• Never burn Christmas trees in a fireplace or woodstove, as the needles burn like tinder, very quickly and fiercely; flames can flare up and get out of control quickly, sending sparks across the room.

Other Causes of Winter Fires

With wintertime comes a spike in housefires, which can be traced back to four main culprits:

1. Candles

Candles, commonly used as an ambiance-setting decoration during the winter holidays, cause an estimated 15,000 housefires nationally each year. It's recommended that you always extinguish candles when you're done enjoying them or before you go to sleep. Never leave your home with a candle unattended and still burning.

2. Christmas Trees

As previously mentioned, dry trees and lights don't go well together, and easily become a fire hazard. A dry Christmas tree can become fully engulfed in flames in a matter of seconds — and, after that, your house.

3. Cooking

This is a year-round danger, but cooking increases during the holiday season to accommodate family and other houseguests, and the threat level with it. Avoid leaving food cooking unattended, or getting distracted while cooking.

4. Space Heaters

Not everyone has central heat in their home, and when the temperature drops, some households turn to portable space heaters. Remember to use space heaters that are consumer-approved for safety; do not plug them into overloaded outlets; and keep them away from children and flammable objects. Make sure the heater has an automatic shutoff switch, so if it tips over, it will turn off — and never leave the heater running while you're sleeping or away from home.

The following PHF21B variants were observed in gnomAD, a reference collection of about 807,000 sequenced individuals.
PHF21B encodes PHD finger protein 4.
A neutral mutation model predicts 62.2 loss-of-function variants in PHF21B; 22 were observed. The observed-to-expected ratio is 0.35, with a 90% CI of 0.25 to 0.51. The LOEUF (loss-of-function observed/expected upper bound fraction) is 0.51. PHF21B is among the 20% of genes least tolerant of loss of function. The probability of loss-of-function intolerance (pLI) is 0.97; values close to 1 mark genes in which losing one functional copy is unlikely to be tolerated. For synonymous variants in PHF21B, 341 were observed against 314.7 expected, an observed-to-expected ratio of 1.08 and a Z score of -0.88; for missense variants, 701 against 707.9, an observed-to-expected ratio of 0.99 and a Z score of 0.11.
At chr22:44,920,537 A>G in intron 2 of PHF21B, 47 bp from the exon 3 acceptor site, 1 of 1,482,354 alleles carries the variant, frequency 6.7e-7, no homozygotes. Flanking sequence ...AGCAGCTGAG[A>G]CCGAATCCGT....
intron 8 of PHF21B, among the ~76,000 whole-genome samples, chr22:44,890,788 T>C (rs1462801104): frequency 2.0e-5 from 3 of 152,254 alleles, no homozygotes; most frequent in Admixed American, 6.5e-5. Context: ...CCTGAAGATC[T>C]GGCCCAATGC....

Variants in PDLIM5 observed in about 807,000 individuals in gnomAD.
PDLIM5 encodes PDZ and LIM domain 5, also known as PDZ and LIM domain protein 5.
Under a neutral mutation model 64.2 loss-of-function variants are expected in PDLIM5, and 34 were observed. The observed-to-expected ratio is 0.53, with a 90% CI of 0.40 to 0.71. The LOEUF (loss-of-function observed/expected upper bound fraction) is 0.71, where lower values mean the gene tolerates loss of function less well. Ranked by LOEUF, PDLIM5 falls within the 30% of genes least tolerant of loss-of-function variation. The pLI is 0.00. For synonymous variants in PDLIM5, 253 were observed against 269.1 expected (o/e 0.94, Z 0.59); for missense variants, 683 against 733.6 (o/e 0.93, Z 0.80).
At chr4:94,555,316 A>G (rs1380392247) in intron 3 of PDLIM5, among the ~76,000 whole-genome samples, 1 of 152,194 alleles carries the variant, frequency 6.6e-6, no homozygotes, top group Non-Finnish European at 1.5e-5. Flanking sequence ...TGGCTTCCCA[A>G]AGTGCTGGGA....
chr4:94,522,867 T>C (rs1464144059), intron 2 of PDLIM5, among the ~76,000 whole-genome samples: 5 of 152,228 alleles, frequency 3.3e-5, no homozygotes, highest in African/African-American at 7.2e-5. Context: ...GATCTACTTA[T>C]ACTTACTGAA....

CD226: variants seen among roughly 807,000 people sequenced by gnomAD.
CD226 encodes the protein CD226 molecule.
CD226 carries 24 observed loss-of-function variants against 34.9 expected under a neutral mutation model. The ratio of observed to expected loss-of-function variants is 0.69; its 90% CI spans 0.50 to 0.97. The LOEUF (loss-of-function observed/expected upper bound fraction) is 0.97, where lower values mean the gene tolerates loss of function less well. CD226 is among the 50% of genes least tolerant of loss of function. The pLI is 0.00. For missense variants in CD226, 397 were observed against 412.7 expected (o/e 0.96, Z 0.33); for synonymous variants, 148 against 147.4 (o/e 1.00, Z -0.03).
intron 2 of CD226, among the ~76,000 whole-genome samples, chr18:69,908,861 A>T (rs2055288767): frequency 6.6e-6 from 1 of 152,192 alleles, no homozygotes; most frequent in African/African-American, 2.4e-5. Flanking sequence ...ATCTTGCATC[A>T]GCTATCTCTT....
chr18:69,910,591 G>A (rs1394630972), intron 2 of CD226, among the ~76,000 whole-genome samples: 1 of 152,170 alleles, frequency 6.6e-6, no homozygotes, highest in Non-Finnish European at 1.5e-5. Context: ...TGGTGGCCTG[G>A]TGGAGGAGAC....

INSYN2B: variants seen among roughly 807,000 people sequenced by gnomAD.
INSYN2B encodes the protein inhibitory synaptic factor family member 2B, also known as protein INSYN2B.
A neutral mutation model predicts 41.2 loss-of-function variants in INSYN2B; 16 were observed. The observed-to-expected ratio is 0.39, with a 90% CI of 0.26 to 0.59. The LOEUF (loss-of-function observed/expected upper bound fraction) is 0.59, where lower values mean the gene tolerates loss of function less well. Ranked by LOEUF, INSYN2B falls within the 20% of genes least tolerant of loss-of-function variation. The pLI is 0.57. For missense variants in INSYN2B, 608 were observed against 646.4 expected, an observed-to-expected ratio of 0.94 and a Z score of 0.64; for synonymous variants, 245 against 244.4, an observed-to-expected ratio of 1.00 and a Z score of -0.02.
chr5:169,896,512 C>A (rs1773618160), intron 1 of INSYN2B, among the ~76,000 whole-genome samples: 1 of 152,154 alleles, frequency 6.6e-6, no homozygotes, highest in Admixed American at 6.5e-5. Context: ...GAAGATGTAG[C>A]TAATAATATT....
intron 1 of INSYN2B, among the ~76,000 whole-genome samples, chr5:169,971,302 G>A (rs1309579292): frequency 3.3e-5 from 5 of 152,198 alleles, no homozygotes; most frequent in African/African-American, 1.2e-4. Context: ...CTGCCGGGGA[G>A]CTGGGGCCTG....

Christmas tree with overloaded electrical outlet

Other Safety Tips

  • Keep matches, lighters and candles out of the reach of children.
  • Avoid smoking near flammable decorations.
  • Make an emergency plan in case of a fire, and practice it with the entire family to make sure youngsters understand the plan.
  • Have a fire extinguisher handy in case a housefire breaks out, and make sure adults know where the extinguisher is located and how to use it.

Staying safe during the holiday season is the gift that will keep on giving for years of celebrations to come. Following this simple safety advice will ensure the biggest problem your loved ones will have is a gift they don't like.